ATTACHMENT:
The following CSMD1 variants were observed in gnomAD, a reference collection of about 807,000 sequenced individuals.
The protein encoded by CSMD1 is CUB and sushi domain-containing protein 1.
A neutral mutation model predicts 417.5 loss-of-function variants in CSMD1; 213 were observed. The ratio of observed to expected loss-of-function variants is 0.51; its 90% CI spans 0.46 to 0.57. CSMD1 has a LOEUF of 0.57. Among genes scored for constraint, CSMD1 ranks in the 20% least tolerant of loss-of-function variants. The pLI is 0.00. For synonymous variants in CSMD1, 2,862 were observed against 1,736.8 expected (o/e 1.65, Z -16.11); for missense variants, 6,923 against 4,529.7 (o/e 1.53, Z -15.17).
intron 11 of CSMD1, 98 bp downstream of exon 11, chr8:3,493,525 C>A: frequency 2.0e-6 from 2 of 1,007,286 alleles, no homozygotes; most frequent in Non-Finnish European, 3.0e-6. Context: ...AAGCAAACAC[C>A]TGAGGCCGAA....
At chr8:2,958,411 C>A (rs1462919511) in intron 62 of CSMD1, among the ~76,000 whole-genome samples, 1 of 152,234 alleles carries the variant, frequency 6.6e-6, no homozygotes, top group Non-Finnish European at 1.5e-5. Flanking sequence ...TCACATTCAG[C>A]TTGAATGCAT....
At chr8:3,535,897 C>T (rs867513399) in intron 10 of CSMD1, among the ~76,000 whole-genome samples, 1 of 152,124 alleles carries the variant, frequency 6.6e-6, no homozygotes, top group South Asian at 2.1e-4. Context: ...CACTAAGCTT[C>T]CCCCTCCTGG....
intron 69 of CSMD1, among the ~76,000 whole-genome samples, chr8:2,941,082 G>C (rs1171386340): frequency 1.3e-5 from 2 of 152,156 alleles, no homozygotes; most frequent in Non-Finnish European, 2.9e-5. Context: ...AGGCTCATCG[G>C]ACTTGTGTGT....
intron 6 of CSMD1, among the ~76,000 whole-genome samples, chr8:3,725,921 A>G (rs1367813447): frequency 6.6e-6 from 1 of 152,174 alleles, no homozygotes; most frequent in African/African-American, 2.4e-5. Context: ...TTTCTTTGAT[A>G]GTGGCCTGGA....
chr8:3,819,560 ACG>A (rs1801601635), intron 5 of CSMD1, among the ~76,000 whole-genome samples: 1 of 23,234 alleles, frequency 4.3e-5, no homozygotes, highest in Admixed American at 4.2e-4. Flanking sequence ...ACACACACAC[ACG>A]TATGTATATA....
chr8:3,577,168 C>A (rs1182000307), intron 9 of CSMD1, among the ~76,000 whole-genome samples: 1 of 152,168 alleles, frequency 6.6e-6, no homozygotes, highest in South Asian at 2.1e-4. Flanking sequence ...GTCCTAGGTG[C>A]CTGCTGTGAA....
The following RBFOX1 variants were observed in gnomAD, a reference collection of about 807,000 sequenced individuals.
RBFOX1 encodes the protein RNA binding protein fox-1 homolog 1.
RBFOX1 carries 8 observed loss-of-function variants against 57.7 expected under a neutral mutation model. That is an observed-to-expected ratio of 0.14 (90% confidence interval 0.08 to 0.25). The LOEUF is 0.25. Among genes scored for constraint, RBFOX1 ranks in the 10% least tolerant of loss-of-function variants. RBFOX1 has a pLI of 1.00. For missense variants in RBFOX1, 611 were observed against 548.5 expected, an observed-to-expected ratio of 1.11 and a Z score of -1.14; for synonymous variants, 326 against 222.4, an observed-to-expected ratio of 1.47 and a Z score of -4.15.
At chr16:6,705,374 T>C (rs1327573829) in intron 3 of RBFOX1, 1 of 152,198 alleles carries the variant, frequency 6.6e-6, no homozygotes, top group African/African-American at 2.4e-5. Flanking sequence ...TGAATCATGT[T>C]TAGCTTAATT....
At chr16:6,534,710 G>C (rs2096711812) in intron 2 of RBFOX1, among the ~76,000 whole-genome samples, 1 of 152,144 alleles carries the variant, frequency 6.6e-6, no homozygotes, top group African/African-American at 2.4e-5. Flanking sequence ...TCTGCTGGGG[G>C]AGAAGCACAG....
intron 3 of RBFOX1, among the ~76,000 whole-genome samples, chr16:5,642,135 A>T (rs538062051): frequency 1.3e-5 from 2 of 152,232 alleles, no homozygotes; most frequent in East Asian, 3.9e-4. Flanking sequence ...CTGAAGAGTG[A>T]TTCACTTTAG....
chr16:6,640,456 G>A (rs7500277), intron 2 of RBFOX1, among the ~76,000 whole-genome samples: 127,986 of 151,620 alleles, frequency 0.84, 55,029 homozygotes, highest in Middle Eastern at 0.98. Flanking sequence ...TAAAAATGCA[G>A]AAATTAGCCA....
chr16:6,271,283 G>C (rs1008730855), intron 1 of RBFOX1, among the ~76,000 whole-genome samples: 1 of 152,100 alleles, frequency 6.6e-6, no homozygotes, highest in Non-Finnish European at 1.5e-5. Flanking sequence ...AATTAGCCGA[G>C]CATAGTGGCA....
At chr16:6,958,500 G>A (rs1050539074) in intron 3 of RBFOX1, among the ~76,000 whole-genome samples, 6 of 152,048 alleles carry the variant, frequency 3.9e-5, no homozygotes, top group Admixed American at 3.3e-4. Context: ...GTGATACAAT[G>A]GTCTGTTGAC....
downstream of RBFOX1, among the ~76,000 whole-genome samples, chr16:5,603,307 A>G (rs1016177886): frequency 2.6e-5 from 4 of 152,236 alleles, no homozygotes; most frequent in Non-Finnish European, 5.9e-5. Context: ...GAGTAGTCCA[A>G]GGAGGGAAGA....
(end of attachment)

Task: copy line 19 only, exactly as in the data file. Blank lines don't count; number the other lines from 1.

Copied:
At chr16:6,958,500 G>A (rs1050539074) in intron 3 of RBFOX1, among the ~76,000 whole-genome samples, 6 of 152,048 alleles carry the variant, frequency 3.9e-5, no homozygotes, top group Admixed American at 3.3e-4. Context: ...GTGATACAAT[G>A]GTCTGTTGAC....